Financial Harmony Praised, Fiat Money Condemned

January/​February 2010 • Policy Report

Cato’s 27th Annual Monetary Conference

The government’s response to the financial crisis has exposed serious and destructive problems with our fiat money regime. Cato’s 27th Annual Monetary Conference, “Restoring Global Financial Stability,” directed by James A. Dorn, vice president for academic affairs at Cato and editor of Cato Journal, brought together a diverse group of scholars to examine alternatives to the ruinous fiat regime. In particular, how can a more transparent, rules‐​based global monetary and financial system be created that limits government intervention and allows a spontaneous market order to emerge — such as a commodity‐​based regime that allows the supply of money to adapt smoothly to demand and maintain its long‐​run value?

Participants discussed those and related issues, including the vast powers the Federal Reserve has acquired during the financial crisis — in effect, becoming a branch of the U.S. Treasury and buying up billions of dollars of toxic assets and bailing out institutions deemed “too big to fail.”

Nobel laureate economist Vernon Smith, who attended the conference, called it “lively and informative.” Thomas Humphrey, a noted monetary economist who presented a paper at the conference, said, “I will be honored to have it published in the Cato Journal, which is among the best and most accessible policy journals in the world.”

In his keynote address Allan H. Meltzer discussed the history of the Fed and faulted the central bank for not adhering to a clear rule for guiding monetary policy. Zanny Minton Beddoes of The Economist argued that “the search for ‘financial harmony’ will be quixotic” unless the “big underlying distortions” in the global economy are dealt with, including the underpricing of risk — that is, the moral hazard problem when governments socialize losses.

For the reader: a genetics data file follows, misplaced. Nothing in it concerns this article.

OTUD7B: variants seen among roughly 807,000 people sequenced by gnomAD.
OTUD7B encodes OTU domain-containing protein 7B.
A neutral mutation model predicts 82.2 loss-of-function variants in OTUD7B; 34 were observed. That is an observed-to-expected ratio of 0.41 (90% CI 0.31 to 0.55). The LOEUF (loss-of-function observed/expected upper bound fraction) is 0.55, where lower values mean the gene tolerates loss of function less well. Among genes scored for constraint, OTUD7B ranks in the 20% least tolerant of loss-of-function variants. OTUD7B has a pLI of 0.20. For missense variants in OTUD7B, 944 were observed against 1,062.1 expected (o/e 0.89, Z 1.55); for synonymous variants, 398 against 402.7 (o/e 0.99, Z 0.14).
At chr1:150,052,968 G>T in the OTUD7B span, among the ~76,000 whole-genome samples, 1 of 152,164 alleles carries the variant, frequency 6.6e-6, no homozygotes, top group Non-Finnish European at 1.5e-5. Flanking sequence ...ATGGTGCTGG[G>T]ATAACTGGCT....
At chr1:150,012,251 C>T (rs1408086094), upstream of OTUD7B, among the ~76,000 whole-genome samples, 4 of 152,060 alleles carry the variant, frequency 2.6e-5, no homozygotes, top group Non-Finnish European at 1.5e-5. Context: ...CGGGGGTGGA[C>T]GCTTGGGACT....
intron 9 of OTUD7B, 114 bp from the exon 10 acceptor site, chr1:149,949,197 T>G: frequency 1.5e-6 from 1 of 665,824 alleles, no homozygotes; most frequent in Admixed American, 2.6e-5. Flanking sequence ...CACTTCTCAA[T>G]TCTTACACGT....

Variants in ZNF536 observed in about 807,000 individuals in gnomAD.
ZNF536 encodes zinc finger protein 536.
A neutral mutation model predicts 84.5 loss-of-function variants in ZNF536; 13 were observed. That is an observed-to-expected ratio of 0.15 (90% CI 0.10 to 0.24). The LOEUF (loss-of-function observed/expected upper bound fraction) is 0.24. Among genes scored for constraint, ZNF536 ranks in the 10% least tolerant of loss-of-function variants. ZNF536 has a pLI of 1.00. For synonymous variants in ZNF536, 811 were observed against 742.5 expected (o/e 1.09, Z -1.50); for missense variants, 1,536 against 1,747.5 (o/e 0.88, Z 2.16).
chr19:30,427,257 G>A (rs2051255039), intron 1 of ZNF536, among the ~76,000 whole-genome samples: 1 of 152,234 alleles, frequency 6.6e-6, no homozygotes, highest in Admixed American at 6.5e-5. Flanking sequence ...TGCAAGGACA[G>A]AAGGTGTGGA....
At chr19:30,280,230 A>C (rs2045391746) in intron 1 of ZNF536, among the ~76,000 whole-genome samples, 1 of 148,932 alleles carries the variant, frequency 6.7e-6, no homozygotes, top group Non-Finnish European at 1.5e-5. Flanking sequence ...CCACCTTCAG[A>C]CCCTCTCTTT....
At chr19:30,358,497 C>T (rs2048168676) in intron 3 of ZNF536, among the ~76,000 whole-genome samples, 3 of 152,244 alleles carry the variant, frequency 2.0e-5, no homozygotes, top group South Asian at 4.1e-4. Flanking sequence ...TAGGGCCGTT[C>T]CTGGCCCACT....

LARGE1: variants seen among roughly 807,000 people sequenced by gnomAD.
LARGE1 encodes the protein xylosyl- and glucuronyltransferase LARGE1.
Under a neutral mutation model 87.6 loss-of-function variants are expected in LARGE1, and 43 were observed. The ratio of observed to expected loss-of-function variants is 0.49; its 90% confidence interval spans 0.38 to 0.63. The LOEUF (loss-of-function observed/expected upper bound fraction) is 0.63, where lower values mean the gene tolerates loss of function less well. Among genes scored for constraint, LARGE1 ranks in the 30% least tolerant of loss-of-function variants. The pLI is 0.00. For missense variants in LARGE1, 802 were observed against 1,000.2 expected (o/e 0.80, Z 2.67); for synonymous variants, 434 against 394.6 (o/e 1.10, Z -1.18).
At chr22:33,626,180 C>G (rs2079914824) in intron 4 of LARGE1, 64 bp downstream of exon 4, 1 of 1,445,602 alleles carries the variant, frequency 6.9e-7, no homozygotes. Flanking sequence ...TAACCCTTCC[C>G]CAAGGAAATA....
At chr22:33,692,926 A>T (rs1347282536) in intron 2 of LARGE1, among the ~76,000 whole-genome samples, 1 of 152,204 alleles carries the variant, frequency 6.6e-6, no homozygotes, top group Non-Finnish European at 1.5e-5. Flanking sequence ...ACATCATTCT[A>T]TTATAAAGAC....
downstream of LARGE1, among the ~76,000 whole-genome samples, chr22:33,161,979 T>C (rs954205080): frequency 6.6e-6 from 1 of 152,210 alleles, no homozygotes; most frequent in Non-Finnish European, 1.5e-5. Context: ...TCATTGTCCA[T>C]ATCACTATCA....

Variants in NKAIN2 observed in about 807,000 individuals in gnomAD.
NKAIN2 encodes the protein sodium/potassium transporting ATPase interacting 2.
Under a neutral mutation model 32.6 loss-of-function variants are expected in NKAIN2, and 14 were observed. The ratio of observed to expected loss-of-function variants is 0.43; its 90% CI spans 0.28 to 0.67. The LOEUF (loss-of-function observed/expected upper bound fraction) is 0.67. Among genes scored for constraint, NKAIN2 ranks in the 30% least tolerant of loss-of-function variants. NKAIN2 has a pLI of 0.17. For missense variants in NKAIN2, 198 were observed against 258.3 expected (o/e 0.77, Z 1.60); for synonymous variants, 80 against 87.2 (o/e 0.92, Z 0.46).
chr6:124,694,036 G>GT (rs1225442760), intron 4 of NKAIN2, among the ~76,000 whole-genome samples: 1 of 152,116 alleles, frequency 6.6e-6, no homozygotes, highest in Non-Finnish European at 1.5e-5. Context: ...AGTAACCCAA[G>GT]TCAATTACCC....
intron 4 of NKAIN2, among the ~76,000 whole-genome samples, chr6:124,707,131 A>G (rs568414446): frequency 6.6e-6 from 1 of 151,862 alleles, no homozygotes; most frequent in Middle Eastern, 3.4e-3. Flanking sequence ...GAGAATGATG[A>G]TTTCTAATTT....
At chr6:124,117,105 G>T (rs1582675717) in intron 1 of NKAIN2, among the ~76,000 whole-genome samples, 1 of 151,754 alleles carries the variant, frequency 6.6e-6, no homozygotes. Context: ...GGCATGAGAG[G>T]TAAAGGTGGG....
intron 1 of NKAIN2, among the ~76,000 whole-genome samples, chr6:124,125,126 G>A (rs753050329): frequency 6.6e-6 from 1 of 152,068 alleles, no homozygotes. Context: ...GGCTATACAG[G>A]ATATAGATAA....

Lawrence H. White, James Grant, Judy Shelton, Leland Yeager, George Selgin, and Richard Rahn all argued for reforming the present discretionary government fiat money system to ensure sound money, adaptability, and wealth creation under a stable rule of law. Contrary to conventional wisdom, there is a strong case for privatizing or abolishing the central bank and allowing competing currencies resting on a commodity base.

Peter Wallison blamed the subprime and ensuing financial crisis largely on government‐​sponsored enterprises (Fannie and Freddie) and other interventions that distorted the housing market. Benn Steil pointed to the excessive public and private debt in the U.S. and to fiscal and monetary policies that contributed to that debt buildup and to the financial crisis. He noted that the large global imbalances and excessive build‐​up of U.S. debt could not have occurred under a gold standard.

Bennett McCallum said he was “appalled” by the Federal Reserve’s actions during the last two years, in the sense that the Fed overstepped its mandate and engaged in credit allocation and in bailing out insolvent institutions. Likewise, Thomas Humphrey, a former vice president at the Federal Reserve Bank of Richmond, argued that the Fed has strayed far from a classical lender of last resort role. Instead of lending on good collateral at a penalty rate for a short duration, the Fed has accepted toxic assets as the basis for making massive loans at low rates for extended periods.

In the discussion of the role of the IMF in assessing systemic risk and preventing future financial crises, Cato research fellow Swaminathan Anklesaria Aiyar noted that no one, including the IMF, has sufficient knowledge or foresight to predict financial crises in a complex global economy.

Eswar Prasad considered the medium‐​term risks from the current monetary and fiscal stimulus policies and warned that the G-20 needs to embark on fundamental reforms and avoid destructive protectionism to ensure future growth.

Papers presented at the conference will appear in a special issue of the Cato Journal.